Being a fan is an expensive hobby. DVDs, downloads, movie/theater tickets, and merchandise alone add up, and for a lot of people, this is on top of – or sacrificed for – the costs of traveling to conventions and visiting fellow fan-friends all over the globe. Suffice to say, for most people, all of this generally involves a good deal of financial finagling.
My friends and I have lamented, at great length, the fact that fangirling is not in fact a paid profession. That doesn’t mean, though, that we can’t put those fannish skills to good use when it DOES come to looking for jobs, applying to schools, and generally getting ahead in real life. I was 15 when I first watched Battlestar Galactica and in the time since I’ve applied for – and in many cases, been offered or accepted by – scholarships, colleges, and a number of jobs. Believe it or not, your identity as a fan can be a huge asset when framed the right way. Here are some tips for creating a great and (technically) true professional profile without raising any eyebrows.
- Truth: “Passionate, community-oriented individual seeks a position where I can utilize and advance my superior [writing/artistic/computer/critical thinking] skills.”
- TMI: “Passions include actress Mary McDonnell and her body of work, specifically [Battlestar Galactica/The Closer/etc.] and [insert favorite characters/relationships]. I am an active member in the fan community and contribute by [writing fanfiction/creating graphics or videos/engaging in discussion on social media/other].
- Truth: “Hard-working and dedicated; completes tasks quickly.”
- TMI: “Uploads GIF sets to Tumblr within an hour of episode airing; posts follow-up one-shot fanfiction within 24 hours.”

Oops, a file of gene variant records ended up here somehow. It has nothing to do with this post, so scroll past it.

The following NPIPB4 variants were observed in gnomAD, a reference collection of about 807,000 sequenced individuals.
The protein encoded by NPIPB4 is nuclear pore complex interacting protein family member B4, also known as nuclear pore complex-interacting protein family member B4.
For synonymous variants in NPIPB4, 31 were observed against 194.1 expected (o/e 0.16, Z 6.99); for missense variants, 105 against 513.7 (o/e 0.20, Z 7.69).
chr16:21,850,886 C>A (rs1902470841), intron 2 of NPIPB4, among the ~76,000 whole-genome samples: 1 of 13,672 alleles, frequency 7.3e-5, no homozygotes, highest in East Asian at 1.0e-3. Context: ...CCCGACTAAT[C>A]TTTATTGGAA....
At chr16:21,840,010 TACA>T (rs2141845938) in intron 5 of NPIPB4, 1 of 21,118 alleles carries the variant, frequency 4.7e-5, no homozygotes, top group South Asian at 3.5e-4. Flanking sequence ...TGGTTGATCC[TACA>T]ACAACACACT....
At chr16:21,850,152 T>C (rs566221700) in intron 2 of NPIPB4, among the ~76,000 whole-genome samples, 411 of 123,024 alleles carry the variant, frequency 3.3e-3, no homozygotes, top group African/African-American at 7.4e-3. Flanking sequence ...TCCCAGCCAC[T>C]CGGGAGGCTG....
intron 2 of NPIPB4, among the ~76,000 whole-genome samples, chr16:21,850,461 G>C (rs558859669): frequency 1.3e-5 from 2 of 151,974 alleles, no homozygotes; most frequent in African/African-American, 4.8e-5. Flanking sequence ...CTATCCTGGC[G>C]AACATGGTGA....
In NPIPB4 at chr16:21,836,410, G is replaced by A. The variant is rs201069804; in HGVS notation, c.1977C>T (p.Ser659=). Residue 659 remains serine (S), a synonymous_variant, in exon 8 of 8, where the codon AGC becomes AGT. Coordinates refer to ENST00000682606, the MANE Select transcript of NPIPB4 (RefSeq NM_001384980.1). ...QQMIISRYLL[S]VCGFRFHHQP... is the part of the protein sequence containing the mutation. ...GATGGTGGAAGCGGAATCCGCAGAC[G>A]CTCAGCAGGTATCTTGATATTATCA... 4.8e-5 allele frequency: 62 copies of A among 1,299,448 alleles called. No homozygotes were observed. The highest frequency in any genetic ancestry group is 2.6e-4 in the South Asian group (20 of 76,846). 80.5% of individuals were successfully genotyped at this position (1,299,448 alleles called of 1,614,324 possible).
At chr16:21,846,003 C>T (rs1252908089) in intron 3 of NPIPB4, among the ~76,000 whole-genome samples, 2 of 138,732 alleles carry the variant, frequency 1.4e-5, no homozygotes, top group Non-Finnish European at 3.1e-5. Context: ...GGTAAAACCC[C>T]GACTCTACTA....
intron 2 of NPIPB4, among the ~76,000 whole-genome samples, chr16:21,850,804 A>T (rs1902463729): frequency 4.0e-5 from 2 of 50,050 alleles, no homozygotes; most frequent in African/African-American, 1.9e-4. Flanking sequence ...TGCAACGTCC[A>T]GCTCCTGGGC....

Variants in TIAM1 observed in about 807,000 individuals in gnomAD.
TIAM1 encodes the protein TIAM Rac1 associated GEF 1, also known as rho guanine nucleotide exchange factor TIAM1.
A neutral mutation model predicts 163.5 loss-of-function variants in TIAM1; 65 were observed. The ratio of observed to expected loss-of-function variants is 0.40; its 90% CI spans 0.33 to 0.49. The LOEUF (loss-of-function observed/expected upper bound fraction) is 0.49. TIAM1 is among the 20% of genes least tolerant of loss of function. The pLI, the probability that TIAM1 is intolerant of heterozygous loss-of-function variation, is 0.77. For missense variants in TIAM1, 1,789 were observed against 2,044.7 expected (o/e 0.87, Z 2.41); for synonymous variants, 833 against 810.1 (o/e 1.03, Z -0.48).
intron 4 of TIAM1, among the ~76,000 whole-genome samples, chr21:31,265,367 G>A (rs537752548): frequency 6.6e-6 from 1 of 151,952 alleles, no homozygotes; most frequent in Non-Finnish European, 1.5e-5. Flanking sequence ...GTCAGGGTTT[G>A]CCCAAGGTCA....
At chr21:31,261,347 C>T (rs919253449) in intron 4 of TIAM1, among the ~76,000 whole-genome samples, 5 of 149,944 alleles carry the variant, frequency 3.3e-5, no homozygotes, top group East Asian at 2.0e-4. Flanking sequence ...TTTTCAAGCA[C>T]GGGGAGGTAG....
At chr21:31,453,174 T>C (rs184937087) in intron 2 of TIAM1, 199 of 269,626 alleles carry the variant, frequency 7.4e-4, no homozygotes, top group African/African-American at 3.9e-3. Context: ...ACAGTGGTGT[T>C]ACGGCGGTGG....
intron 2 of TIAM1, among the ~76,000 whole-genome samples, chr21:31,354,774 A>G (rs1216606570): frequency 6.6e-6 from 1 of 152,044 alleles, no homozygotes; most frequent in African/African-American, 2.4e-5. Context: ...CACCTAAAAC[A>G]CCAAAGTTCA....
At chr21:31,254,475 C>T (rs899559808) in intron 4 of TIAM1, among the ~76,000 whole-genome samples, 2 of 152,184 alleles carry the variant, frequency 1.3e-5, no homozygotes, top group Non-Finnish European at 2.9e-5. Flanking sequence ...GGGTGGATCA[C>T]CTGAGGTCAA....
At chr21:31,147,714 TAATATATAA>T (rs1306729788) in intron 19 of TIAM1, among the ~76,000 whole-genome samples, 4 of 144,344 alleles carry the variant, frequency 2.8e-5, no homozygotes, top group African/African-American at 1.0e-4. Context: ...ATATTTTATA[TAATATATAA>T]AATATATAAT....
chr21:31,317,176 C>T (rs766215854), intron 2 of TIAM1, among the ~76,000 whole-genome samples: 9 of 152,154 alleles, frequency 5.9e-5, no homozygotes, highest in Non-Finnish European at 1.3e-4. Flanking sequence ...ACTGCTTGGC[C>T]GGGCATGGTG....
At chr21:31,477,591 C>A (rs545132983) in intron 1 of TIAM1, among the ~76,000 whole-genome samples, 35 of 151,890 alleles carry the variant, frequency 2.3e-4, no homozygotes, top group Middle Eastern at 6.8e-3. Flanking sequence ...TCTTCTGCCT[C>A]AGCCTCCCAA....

- Truth: “Versatile and prolific writer with excellent grammar/spelling; used to giving and receiving constructive criticism.”
- TMI: “You can find my Adama/Roslin fanfiction on SurvivalInstinct.net, and The Closer/Major Crimes fic featuring Sharon/Brenda and gen Sharon/Rusty on Fanfiction.net. I work closely with and serve as a beta reader.”
- Truth: “Proficient with Photoshop, video software, [and/or related programs]. Adapts easily to new programs and updates.”
- TMI: “Began making 100×100 pixel icons on LiveJournal but after switching to Tumblr started working more with manips and GIFs – a constant learning process given the ever-changing size and dimension limits.”
- Truth: “Well-versed and up-to-date with social media sites and trends, including Facebook, Twitter, Instagram, Tumblr, [and/or] other blogging platforms.”
- TMI: “Approximately 80% of my social media posts are tagged with some variation of #marymcdonnell, @marymcdonnell10, and/or #majorcrimes.”
- Truth: “Enjoys meeting and connecting with new people; thrives in a busy environment.”
- TMI: “Flew alone to a sci-fi convention with 20,000+ people, stayed in a hotel with people I’d never met, and left three days later with lifelong friends and a hell of a hangover.”
- Truth: “Other relevant skills: exceptional organization, [#] WPM typing speed, [basic/excellent] knowledge of HTML, close attention to detail.”
- TMI: “See: the Mary McDonnell Folder on my desktop complete with over a dozen labelled sub-folders; post-episode key smash conversations with friends; ability to identify the season and possibly episode of Battlestar Galactica based solely on Laura Roslin’s hairstyle.”
- Truth: “Other relevant personal qualities: patience, initiative, diplomacy, and focus on developing personal relationships.”
- TMI: “Survived [# of] hiatuses; active in the #MajorCrimesS5 renewal movement; avoids ship wars; writes regular essays on the development of the Sharon/Andy relationship.”
- List: [Fandom Friend] – Personal Reference
- Lie: “How did you meet the applicant?” “…Mutual friends.”
So tell us – have any of you used fandom experience to get ahead in the real world? What skills have you learned or developed as a fan?